Select Committee on Northern Ireland Affairs Minutes of Evidence

Examination of Witnesses (Questions 260 - 279)



  260. Do you sometimes discover a larger distinction between what your initial input is and maybe advice about a particular parade and what it is that you then discover through your monitoring which may then alter what it is that you feel is your input in the future?
  (Mr McQuillan) I would not say that, sir. On individual parades there have been situations where we have disagreed with the Parades Commission. We have given advice to the Commission that because of the risks we suggest that the parade should be dealt with in a particular way or that there were higher risks in dealing with it in one way rather than another. The Parades Commission have not accepted our advice. We have policed the parade and the parade has gone well and we would then learn from that experience and move forward next time, I hope. That is the only way I can answer the question. We do treat this as a learning exercise. As I say, some of these are judgement calls. It is a question of how far we can move forward at any given time.

  261. Earlier you talked about parades on 12 sites being ones that created problems. Is it that the inputs that you have, in connection with giving advice to the Parades Commission, tend to relate to those areas or is it more general?
  (Mr McQuillan) The figure of 12 is my immediate reaction. I would like if necessary to go away and look at that and identify the number of sites. It is not a large number of locations. Those are the areas where traditionally we have had the greatest difficulties with parades. I could go round now and say places like Londonderry, Dunloy, the Whiterock parade in Belfast, the Tour of the North parade in Belfast, Kilkeel, Drumcree, Lurgan, are all traditionally places where the parades cause problems because of the nature of the routes and the difficulties with communities in the area and in some cases demographic change. There can be controversial parades outside that but for the vast majority of these there is almost a framework for them. We keep a calendar of parades and we can tell when the peak demands are going to be because those are traditionally the points at which there are conflicts.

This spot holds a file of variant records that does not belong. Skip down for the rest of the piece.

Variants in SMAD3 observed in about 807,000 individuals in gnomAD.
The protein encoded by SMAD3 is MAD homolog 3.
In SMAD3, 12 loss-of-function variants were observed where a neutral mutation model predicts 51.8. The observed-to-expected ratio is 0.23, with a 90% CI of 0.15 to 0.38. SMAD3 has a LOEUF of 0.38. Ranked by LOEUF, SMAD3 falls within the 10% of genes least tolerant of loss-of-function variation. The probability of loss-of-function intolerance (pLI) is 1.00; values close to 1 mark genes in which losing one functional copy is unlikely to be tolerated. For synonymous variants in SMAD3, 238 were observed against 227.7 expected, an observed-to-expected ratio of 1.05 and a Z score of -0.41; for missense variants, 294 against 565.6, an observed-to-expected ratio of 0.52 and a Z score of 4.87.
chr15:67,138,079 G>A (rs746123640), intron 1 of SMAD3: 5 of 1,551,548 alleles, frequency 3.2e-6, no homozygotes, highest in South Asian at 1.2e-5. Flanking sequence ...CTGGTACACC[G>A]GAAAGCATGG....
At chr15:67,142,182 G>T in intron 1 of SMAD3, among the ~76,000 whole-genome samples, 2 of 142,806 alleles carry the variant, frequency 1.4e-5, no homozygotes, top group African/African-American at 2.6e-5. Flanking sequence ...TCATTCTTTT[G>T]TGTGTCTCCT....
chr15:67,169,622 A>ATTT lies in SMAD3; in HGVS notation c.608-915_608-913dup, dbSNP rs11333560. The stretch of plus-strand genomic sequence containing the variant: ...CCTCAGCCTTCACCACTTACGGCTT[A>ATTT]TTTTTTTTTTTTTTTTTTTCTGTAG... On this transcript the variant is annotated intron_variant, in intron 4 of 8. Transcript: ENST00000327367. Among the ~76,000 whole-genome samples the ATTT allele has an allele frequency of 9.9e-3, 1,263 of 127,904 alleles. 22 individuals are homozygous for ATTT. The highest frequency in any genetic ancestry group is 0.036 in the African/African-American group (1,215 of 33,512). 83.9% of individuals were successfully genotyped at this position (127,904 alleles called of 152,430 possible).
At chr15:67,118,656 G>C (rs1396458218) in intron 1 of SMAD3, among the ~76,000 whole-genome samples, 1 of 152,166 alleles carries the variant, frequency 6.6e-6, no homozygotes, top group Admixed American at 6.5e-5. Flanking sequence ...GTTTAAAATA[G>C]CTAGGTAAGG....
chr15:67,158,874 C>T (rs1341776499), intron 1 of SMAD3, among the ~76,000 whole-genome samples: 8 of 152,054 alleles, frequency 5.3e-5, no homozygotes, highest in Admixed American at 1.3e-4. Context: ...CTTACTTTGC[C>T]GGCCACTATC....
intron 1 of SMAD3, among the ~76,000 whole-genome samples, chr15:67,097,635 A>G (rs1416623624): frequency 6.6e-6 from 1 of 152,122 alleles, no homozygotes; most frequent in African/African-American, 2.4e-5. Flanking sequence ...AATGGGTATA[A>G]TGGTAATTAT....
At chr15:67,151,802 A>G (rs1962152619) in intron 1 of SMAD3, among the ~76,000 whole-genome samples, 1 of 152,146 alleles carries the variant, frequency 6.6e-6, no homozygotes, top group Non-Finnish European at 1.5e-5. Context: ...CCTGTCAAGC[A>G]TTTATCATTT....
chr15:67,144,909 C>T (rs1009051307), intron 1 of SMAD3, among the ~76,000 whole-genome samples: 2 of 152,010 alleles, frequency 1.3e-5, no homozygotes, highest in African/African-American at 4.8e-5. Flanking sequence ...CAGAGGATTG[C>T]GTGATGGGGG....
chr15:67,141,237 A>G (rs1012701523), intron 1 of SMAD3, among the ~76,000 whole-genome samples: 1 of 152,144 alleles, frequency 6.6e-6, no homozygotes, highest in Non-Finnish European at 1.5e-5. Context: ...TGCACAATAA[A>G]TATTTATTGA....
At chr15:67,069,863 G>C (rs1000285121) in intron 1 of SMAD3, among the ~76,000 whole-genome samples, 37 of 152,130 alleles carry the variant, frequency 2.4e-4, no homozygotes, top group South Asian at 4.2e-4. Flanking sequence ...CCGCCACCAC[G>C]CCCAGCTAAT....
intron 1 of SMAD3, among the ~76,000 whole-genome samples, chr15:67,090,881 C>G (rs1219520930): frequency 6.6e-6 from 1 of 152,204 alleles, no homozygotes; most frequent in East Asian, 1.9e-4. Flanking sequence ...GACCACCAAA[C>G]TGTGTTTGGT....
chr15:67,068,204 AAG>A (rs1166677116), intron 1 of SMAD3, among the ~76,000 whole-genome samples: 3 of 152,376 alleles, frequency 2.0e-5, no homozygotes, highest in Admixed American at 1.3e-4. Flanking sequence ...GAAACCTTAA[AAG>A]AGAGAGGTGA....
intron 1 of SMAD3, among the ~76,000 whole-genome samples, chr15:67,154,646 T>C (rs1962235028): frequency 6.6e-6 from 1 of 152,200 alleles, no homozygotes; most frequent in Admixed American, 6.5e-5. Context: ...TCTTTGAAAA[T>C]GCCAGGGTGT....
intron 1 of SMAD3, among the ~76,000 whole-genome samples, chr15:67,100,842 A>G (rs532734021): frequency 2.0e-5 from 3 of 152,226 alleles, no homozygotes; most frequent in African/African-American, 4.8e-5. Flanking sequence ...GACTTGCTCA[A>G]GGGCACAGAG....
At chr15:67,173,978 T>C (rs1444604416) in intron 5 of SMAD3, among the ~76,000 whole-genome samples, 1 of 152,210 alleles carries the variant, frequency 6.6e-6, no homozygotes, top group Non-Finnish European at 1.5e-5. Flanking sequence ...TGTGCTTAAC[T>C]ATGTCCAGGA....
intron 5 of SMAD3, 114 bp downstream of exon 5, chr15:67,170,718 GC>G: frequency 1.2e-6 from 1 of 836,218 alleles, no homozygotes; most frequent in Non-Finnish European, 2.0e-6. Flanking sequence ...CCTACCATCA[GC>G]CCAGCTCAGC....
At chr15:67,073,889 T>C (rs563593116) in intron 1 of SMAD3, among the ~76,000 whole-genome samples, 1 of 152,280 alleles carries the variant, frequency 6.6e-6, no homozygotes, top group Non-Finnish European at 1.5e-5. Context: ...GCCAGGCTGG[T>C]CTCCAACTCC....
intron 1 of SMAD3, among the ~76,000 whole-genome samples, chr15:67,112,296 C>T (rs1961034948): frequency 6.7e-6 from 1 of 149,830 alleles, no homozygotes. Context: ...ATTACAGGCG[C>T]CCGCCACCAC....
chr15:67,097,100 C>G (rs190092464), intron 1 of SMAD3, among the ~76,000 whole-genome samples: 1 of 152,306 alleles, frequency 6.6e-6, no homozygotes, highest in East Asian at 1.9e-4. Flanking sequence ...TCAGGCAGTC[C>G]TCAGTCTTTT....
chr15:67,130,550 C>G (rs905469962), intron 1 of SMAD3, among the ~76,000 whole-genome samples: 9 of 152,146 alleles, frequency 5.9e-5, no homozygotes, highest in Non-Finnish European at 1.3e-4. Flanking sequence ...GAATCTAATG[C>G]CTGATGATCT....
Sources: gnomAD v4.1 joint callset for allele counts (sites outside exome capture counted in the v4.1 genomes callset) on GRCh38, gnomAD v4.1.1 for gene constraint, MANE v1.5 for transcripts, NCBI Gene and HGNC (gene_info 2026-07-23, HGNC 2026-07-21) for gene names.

262. The RUC made a submission to the Northern Ireland Review of the Parades Commission in which it concluded that the dual role allotted to the Commission of facilitating mediation and making binding determinations in a court gives rise to an unallowable conflict of interest in court. How would the RUC see this conflict being resolved?
  (Mr McQuillan) I think the Parades Commission share that and in their 1999/2000 report they have also alluded to it. Mediation in our experience is about attempting to get parties to reach an agreement that recognises both their interests but perhaps is not totally satisfactory to both sides. It is about compromise. I think the difficulty the Parades Commission have is that because their Authorised Officers are involved in the process of giving advice to the Commission and because of some of the Loyal Orders' positions on that, the Authorised Officers are therefore seen as not in a good position, or are seen by one of the major parties in this as not in a good position to mediate. The mediations that have worked best in Northern Ireland in our experience have involved independent mediators. We believe that there is benefit in potentially facilitating mediation away from the actual Parades Commission itself. That is a statutory duty of the Commission and we have seen, for example, in the Ballynafeigh parade that the Commission have actually moved towards that, of trying to promote mediation by third parties. A critical issue to a mediation we believe is that the third parties trying to promote the mediation need to be trusted by both parties. The key issue is what works in a given area. Because these are local disputes very often we need local people who are trusted by both sides to have the interest of the entire community at heart to become involved in that process. If I can take the Londonderry example, two local businessmen were at the heart of that mediation effort who were totally unconnected with either organisation and who basically did it out of a sense of civic duty. I hope that is sufficient.

  263. Do you think it is a matter of setting up some new mediation structure such that we can draw on different people on different occasions, or do you feel it is a matter for the Commission itself tending to be aware of those and to be drawing in people who are appropriate to mediate in different circumstances?
  (Mr McQuillan) We could do it different ways. The Commission are taking a very pragmatic and sensible approach to it in terms of trying to bring in people from different areas to do it in different ways. I think that the legislative framework could be as good as any other. The point is that mediation needs to have the trust of all parties involved in the process.

Mr McCabe

  264. Good afternoon, Mr McQuillan. It is nice to see you again. I asked you the last time we met if you would supply some further information on some issues that I had and can I thank you for that information. I want to follow on from the last point. I notice that the memorandum says that you think there is a greater willingness within the wider community to accept mediation and negotiation now. I really wonder how the RUC make that assumption given that certain sections of the Loyal Orders say that they do not want to engage with the Commission and they have made quite a big issue about the whole question of the Queen's Highway being a free right of passage and something that you cannot actually negotiate.